I didn’t make it to British Arrows last week, though there are (still) few greater pleasures in this business than wallowing in big-screen advertising action; a shopper marketing mobile campaign case study doesn’t get my blood throbbing quite so loudly.
I’m told British Arrows was a very respectful affair, the eminent audience nodding in approval as a raft of worthy winners took to the stage to claim their prizes. Better than boozed-up booing, yes, but is polite appreciation really the emotional response that the best ads should hope to elicit from an audience of brilliant creatives (advertising’s harshest critics and fiercest advocates)?
Perhaps too many of the ads on parade have become too comfortable. Perhaps too many risk-averse clients and too many "say yes" agencies have created a body of work that is just generally OK. The industry is certainly too homogenised, and that doesn’t help. Maybe all those shaggy beards (long, long after the media declared we’d reached "peak beard") are a sign that we’ve arrived at a sort of beige middle ground where there aren’t enough challenging voices. And perhaps we’ve stopped expecting our work to grab passions and shake emotions. Perhaps we’re all just happy when it’s safe. No-one gets fired for creating "safe". Perhaps that explains the well-mannered respect on display at British Arrows last week.
Grey’s chairman, Nils Leonard, looks at Alexander McQueen and contrasts his appetite for difference with the conformity of our industry. Leonard writes that McQueen "chose to spend time not with those in his industry but with those who could keep his mind fertile and hungry. Who do we run with? Are we all on the same blogs, in the same clubs, on the same planes to the same tech festivals in Austin?" It’s a brilliant challenge to tilt the lens, to think differently.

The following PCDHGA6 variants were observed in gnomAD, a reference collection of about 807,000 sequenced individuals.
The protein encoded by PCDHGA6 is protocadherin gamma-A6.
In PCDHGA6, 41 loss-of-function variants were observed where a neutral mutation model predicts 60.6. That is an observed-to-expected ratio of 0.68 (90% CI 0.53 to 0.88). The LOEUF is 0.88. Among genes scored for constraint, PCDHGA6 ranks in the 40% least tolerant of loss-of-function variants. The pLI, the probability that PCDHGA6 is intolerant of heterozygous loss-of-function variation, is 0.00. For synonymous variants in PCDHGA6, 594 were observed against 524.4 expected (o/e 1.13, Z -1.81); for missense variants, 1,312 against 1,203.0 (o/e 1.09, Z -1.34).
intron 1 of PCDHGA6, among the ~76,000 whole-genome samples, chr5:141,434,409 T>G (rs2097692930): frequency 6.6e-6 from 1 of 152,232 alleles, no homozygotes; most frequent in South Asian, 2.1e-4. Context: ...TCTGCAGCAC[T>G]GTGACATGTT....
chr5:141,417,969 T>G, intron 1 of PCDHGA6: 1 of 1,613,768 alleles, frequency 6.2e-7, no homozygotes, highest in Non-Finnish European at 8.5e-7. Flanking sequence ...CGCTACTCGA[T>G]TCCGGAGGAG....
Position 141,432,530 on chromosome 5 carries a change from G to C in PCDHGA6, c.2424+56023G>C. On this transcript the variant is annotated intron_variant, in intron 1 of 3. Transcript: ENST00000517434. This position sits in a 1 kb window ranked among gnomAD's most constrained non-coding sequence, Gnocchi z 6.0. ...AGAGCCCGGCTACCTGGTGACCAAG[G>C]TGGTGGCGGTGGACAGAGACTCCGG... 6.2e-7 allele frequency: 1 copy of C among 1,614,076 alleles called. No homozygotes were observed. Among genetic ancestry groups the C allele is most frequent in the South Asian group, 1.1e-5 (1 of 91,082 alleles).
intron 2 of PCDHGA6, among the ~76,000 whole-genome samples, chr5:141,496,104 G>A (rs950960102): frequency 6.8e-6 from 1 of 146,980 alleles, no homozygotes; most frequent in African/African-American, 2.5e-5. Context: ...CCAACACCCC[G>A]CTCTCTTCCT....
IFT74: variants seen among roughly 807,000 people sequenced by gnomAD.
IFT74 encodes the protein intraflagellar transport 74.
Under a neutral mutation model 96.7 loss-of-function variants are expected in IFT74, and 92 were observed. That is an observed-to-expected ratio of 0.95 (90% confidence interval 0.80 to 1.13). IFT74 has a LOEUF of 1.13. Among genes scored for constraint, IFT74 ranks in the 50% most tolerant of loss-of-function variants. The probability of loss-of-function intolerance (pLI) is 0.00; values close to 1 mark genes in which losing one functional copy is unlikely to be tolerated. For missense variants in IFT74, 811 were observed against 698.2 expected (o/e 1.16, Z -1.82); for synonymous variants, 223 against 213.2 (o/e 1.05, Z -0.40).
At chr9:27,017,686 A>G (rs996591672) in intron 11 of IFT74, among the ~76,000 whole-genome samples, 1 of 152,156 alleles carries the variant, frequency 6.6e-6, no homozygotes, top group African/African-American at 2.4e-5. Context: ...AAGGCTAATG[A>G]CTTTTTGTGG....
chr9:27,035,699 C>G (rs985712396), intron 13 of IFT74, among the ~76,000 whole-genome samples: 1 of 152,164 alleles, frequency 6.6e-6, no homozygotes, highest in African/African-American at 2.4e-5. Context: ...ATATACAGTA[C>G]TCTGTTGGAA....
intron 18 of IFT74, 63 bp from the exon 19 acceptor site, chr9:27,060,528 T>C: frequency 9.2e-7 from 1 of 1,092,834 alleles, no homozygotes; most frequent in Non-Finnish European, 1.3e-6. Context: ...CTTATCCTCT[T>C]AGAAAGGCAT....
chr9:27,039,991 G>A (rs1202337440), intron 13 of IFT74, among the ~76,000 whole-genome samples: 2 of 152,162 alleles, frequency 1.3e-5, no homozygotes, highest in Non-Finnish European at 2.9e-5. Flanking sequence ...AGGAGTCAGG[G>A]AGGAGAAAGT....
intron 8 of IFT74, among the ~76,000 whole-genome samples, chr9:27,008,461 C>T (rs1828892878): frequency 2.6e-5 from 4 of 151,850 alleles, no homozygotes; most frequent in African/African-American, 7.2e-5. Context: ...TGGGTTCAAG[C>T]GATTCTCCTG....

Maybe all those beards are a sign that we've arrived at a beige middle ground without enough challenging voices
But it’s also an interesting contrast to Jim Carroll’s perspective about the "age of we". Carroll, one of the very smartest people advertising has been lucky enough to have, writes about the sheer joy of being part of a culture, a shared ambition, a shared passion.
As Carroll says, we live in an age of individuality and empowerment, when the self is thoroughly quantifiable and we have the tools to create our own social stories in which we star. Yet the power of the collective "we" can shape a culture that not only eats strategy for breakfast, but actually becomes strategy.
Where Leonard and Carroll intersect is in urging the creation of a focused professional culture that comfortably integrates – demands, even – diversity and harnesses difference to a common purpose.
More of that, perhaps, and we’ll have less of the OK work that merely commands our polite applause.